Earlier this week, the Food Safety Authority of Ireland (FSAI ) published updated scientific recommendations on dietary guidelines for older adults.
The report highlights that the over 65s make up the fastest growing age group in Ireland and that specific nutrition considerations are key in supporting healthy ageing.
“Age-related declines in bone and muscle tissue are among the factors related to decreased mobility and frailty, making adequate intake of particular nutrients even more important for this age group.
“Protein contributes to the maintenance of bone and muscle mass and was therefore identified as a key nutrient for this age group. The report highlights that older adults need a more protein-dense diet than the general adult population and that dairy foods provide high-quality protein. In addition, dairy foods were recognised as being easy for frail older adults to consume.
“Calcium is needed for the maintenance of normal bones and the report recognises its role for optimal bone health in older adults. Dairy products were identified as the predominant source but it is also available from fish and plant sources such as wholegrain cereals, pulses, nuts, seeds and dark green leaves. However, the guidelines advise that calcium from plant sources is generally less bioavailable than that from animal sources,” the FSAI stated.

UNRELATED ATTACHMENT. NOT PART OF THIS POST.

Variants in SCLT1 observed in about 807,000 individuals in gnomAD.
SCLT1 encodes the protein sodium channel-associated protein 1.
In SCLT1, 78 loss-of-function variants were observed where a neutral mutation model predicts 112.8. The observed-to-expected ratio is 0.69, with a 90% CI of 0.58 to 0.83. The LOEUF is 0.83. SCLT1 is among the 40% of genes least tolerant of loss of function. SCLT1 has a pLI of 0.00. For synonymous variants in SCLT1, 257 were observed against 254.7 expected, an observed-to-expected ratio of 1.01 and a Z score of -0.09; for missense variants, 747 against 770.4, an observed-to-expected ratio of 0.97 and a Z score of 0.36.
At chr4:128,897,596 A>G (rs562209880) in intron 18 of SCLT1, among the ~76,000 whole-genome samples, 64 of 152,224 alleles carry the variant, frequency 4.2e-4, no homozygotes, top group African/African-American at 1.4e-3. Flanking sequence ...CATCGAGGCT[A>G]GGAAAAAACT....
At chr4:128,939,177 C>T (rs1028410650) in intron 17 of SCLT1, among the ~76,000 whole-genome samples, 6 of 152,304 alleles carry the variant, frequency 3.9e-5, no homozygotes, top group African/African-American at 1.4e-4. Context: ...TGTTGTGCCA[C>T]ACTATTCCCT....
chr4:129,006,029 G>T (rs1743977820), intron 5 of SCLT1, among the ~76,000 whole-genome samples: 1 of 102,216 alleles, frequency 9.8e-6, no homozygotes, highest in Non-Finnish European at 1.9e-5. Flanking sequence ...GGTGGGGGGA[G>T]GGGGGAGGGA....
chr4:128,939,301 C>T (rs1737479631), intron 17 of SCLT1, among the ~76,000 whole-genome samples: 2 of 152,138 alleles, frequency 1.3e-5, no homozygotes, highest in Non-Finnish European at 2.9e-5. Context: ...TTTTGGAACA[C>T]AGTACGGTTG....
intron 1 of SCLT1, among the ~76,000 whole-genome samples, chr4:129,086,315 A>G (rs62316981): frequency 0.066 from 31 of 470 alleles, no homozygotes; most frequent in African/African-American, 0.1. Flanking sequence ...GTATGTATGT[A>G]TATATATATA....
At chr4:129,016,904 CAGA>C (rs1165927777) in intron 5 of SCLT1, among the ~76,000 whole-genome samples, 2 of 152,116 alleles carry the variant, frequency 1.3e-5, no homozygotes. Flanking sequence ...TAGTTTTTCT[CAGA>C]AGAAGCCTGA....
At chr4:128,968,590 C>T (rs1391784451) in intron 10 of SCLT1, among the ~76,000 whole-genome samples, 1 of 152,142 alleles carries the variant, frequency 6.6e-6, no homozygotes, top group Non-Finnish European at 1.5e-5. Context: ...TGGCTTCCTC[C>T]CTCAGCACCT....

The FSAI reports low status of folate and the related B vitamins (i.e. vitamin B12, vitamin B6 and riboflavin ) commonly occurs in older adults; and is associated with a higher risk of diseases of ageing (including cardiovascular disease, cognitive dysfunction and osteoporosis ).
“Improved B vitamin status is associated with better health outcomes in older adults and the report identifies milk and dairy foods as an important contributor to B vitamin intake. Indeed, milk and dairy were recognised as the best provider of riboflavin,” the FSAI added.
The National Dairy Council welcomed the new scientific guidelines for older adults. Nutrition Manager, Dr Marianne Walsh, said that the recommendations highlight the important role that dairy can play in contributing to the intake of several key nutrients.
She said that milk, yogurt and cheese offer a convenient and affordable source of nutrition, with three servings recommended daily. An example of a serving is 200ml of milk, 125g of yogurt or 25g of cheese.
“Currently over 70 percent of older adults are falling short of the recommended three servings a day, but these new guidelines help to shine a light on the nutritional value of dairy, which will hopefully encourage greater uptake of this important food group,” Dr Walsh remarked.
For further information on the FSAI updated scientific recommendations for food-based dietary guidelines for older adults in Ireland please visit: https://www.fsai.ie/news_centre/press_releases/dietary_guidelines_over65s_19042021.html.